Photographer Vera Lutter Documents the Museum's Works and Transformation
A solo exhibition, three years in the making, that features the work of Vera Lutter (MFA 1995 Photography and Related Media) was slated to open this past spring at the Los Angeles County Museum of Art, in California, before the museum shut down due to the outbreak of COVID-19. “Vera Lutter: Museum in the Camera” features 44 large-scale images of LACMA’s holdings, galleries and campus grounds, all made with Lutter’s signature camera obscura technique. (You can currently view installation images of the exhibition and see a video about the artist's process on the museum's website.)
One of photography’s oldest technologies, a camera obscura, also known as a pinhole camera, is a box of any size made light-tight with the exception of a tiny aperture. Images are made directly onto photo-sensitive paper, which is exposed over long periods of time to the low levels of light that are projected via this opening. Lutter, who began working with pinhole cameras while at SVA, has used them to photograph Egyptian pyramids, trees in Manhattan’s Central Park, shipping yards and airfields, often creating large-scale images with custom-built cameras that are the size of a small room.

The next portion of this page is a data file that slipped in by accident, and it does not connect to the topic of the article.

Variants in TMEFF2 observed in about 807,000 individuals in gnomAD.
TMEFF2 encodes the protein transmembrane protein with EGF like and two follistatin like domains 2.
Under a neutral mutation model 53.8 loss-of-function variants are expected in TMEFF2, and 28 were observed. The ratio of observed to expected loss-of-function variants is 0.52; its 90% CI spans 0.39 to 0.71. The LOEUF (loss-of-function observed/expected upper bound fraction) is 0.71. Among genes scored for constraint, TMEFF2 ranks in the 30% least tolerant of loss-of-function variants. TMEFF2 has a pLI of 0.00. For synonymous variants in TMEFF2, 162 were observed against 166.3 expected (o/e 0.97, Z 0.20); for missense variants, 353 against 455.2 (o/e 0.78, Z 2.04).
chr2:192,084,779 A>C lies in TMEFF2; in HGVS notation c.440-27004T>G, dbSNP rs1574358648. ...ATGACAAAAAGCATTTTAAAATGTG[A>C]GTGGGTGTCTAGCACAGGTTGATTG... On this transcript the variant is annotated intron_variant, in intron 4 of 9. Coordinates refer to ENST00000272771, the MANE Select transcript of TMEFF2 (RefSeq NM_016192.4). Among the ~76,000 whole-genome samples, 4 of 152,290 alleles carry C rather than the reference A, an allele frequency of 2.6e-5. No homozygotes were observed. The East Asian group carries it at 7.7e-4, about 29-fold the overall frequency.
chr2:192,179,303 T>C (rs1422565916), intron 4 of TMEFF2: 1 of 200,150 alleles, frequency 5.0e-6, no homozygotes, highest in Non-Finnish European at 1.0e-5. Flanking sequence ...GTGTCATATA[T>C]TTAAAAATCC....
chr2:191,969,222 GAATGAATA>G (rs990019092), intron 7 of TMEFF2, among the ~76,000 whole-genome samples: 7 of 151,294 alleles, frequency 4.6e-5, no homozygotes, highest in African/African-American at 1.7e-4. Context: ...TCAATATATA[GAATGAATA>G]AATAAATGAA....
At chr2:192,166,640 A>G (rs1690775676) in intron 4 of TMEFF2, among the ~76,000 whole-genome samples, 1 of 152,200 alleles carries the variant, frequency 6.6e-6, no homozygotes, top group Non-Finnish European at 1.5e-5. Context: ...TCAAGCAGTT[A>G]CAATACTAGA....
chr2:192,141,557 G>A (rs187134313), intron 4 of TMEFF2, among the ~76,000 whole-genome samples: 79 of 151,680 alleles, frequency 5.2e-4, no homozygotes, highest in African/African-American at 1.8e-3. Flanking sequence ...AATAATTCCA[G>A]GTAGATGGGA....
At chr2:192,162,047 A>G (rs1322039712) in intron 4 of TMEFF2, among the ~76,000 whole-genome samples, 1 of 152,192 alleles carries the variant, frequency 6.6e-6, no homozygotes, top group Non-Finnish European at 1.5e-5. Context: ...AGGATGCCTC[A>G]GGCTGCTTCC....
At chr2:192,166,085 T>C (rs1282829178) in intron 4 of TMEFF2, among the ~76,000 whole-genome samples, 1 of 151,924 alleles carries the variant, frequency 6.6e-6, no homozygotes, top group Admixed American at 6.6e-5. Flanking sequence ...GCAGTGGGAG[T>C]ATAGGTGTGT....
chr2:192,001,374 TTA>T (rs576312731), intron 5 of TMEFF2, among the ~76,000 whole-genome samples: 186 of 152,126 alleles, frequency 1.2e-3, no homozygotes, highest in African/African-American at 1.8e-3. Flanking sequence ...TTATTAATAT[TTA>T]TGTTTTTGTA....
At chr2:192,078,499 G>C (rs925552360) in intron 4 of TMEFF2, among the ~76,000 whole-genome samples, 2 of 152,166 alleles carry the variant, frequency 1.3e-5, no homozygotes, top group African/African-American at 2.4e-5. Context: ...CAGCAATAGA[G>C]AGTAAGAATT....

Lutter first conceived of the LACMA project as an opportunity to make images of select paintings in the museum, but it also captures the institution at the edge of a great change. This year, LACMA began an ambitious renovation that will ultimately see four of its campus’ buildings razed and a new, single building for its permanent collection constructed in their place.
A version of this article appears in the spring/summer 2020 edition of the Visual Arts Journal.